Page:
Home > Sports > 2009 NFL Draft 2.0 (pt. 2)

2009 NFL Draft 2.0 (pt. 2)

11) Buffalo Bills – In the first half of the season, the Bills looked like the surprise team of the AFC, but QB Trent Edwards’ mid-season concussion caused Buffalo to go into a tailspin, and they ended up dropping eight of their last ten. Injuries certainly played a part, but the collapse can be traced back to two main issues: the inability of the offense to score points, and the total lack of a pass rush (only 24 sacks this season).

The Pick – Some people (like Mel Kiper) are saying that Oklahoma St. TE Brandon Pettigrew is the best choice, and I see the logic; with his size and speed, Pettigrew could be the shot in the arm that an anemic offense could certainly use. But how often does a rookie TE really come in and become a big-time playmaker? I see Edwards’ improving going from his rookie season to his second year, and RB Marshawn Lynch building on a solid ’08 season (1,036 yards, 8 TD’s), so there should be some improvement already. The unit that needs help is the defense, specifically the line, and with Texas DE Brian Orokpo and FSU DE Everette Brown already gone, the Bills reach for Georgia Tech DE Michael Robinson. It’s a dangerous pick; Robinson could easily become this year’s Vernon Gholston, a high pick with the physical skills who seems unable to display those talents on the field.

12) Denver Broncos – Another team that was considered extremely dangerous, the Broncos were actually able to sustain that fear almost throughout the entire season; at least, on the offensive side of the ball. The defense, however, was consistently terrible, with rankings of 29th defense overall, 27th rushing defense and 26th passing defense. It got worse as the season progressed, and was eventually the main reason for Denver’s total collapse with three games left in the season, and the shocking release of coach Mike Shanahan.

The Pick – Denver doesn’t have anyone from the Detroit Lions’ front office working for their scouting staff or anything, so expect them to do what everyone expects and take a defensive player.  USC LB Ray Maualuga is an absolute beast; not only is he capable of putting up the stats, but he has the look of somebody who can step up and be the leader that this defense needs.

13) Washington Redskins – What is there to say about the Redskins? They were the last team in the NFC East. They have an average offense, and an average defense…that’s about it. The issue in Washington isn’t lack of talent, it’s underachievement. QB Jason Campbell is essentially in a do-or-die year, which more often than not translates to improved play, and his receiving core is stacked with big names all the way down the roster.

The Pick – One thing that keeps coming up concerning Washington is their susceptivity to pass-rushers coming off the edge. Current OT Jon Jansen is making his way towards the elephants’ graveyard, and while this may seem like a high spot for a team like the Redskins to be looking towards improving its offensive line, sealing off that right side could go a long way towards allowing Campbell to mature into the player the Redskins thought he would be. Virginia OT Eugene Monroe would be an excellent pick here.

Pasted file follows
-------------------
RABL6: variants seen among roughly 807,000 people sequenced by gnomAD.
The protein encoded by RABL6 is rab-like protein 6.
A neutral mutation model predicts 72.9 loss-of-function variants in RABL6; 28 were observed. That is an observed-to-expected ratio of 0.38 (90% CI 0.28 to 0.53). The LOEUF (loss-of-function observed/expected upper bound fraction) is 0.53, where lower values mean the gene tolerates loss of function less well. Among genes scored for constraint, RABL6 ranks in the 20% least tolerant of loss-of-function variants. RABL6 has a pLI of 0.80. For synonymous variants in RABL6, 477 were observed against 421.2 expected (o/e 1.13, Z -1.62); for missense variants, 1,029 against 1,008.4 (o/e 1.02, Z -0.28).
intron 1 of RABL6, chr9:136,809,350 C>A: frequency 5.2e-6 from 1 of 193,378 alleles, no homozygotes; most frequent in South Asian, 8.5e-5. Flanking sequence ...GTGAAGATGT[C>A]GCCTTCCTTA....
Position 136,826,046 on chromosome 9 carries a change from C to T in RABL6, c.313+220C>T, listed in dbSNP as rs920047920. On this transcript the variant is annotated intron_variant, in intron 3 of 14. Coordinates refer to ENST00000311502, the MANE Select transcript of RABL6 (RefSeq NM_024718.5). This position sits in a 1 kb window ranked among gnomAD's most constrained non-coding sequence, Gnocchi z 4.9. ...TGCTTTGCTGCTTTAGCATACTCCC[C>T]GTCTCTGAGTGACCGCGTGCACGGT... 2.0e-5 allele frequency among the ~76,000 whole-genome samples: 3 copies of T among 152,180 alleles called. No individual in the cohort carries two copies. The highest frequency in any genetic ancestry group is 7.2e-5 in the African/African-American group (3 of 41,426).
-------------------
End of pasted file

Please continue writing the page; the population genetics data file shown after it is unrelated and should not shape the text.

14) New Orleans Saints – If you asked a 100 average NFL fans what they thought of New Orleans, they would probably all give a similar answer: “Fun to watch.” Headed by QB Drew Brees, the first QB since Dan Marino to throw for over 5,000 yards in a season, the Saints fielded the league’s most potent offense, gaining 400+ ypg., and 28.9 ppg. But weapons like RB Reggie Bush and WR Marques Colston can’t help on the other side of the ball, and it was the defense that let New Orleans down repeatedly, crumbling in the second half of games time and time again.

The Pick – In my 1.0 version draft, I said that LB Jonathan Vilma was one of the few bright spots in an otherwise dismal defense, but that the Saints would never be able to afford re-signing him. Well, Mr. Vilma went out and got himself arrested for reckless driving; however, reports say alcohol was not a factor, so it’s impossible to say whether or not this will affect any possible deals. Either way, this slot looks right for Ohio State LB James Laurenitis, a guy whose stock has dropped a little after coming back for his senior year. Much like Maualuga, Laurenitis has the potential to be the missing piece this abused defense has been looking for the last few seasons.

15) Houston Texans – The more I look at the Texans, the more I see next season’s “Overpaid sports journalist’s sleeper team.” Admittedly, the weapons are there. QB Matt Schaub has been sidelined on-and-off with various injuries, but when he’s in there he’s been the steady hand that Houston was hoping for. Behind him, 1,200-yard RB Steve Slatton has helped to take the pressure off All-World WR Andre Johnson, who posted insane numbers throughout the season (115 catches, 1,547 yards, 8 TD’s). But I’ve seen this happen with people and Arizona every year, and just because the Cardinals made it to the Super Bowl this year doesn’t mean I’m going to forget all those other times they collapsed. My point is, I’m getting that same vibe from the Texans.

The Pick – Houston’s secondary is awful. I could bring up some stats, but trust me, it’s an embarassment and every Texans fan knows it. Missouri S William Moore may not be a national name, and he’s still a little raw around the edges, but he has the potential to quickly mature, and he could become the ball-hawking defensive back that the Texans have been waiting for.

16) San Diego Chargers – When the season started, the Chargers were the trendy pick for the Super Bowl, with a team that some people claimed was the most talented in the NFL. The next few months were one of the most captivating storylines in the league, as San Diego seemed to succumb to the sudden drop-off in production from All-Pro RB LaDanian Tomlinson, the seeming lack of top-down control from head coach Norv Turner’s staff and the glut of injuries highlighted by LB Shawne Merriman going on the IR list in the preseason. But at the last second, QB Phillip Rivers put the team on his back, and the Chargers took advantage of Denver’s late-season swoon to win the AFC West.